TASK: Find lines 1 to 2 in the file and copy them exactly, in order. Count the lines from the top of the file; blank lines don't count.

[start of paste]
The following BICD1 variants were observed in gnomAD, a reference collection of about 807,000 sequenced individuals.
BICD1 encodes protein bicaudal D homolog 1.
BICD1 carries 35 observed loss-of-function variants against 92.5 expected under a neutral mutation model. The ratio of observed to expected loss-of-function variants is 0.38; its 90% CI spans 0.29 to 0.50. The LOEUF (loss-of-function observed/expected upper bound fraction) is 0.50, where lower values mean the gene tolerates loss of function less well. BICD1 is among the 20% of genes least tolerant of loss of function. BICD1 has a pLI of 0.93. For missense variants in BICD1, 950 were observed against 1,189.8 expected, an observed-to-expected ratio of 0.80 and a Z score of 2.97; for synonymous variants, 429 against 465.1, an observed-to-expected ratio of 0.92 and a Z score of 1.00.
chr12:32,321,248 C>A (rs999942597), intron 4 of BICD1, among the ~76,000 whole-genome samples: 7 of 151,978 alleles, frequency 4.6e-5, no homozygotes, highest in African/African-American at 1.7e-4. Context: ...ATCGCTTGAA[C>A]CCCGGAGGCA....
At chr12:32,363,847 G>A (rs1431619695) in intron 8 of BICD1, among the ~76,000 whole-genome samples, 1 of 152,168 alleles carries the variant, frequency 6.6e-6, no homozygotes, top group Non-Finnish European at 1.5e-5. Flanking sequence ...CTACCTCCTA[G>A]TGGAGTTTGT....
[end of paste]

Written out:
The following BICD1 variants were observed in gnomAD, a reference collection of about 807,000 sequenced individuals.
BICD1 encodes protein bicaudal D homolog 1.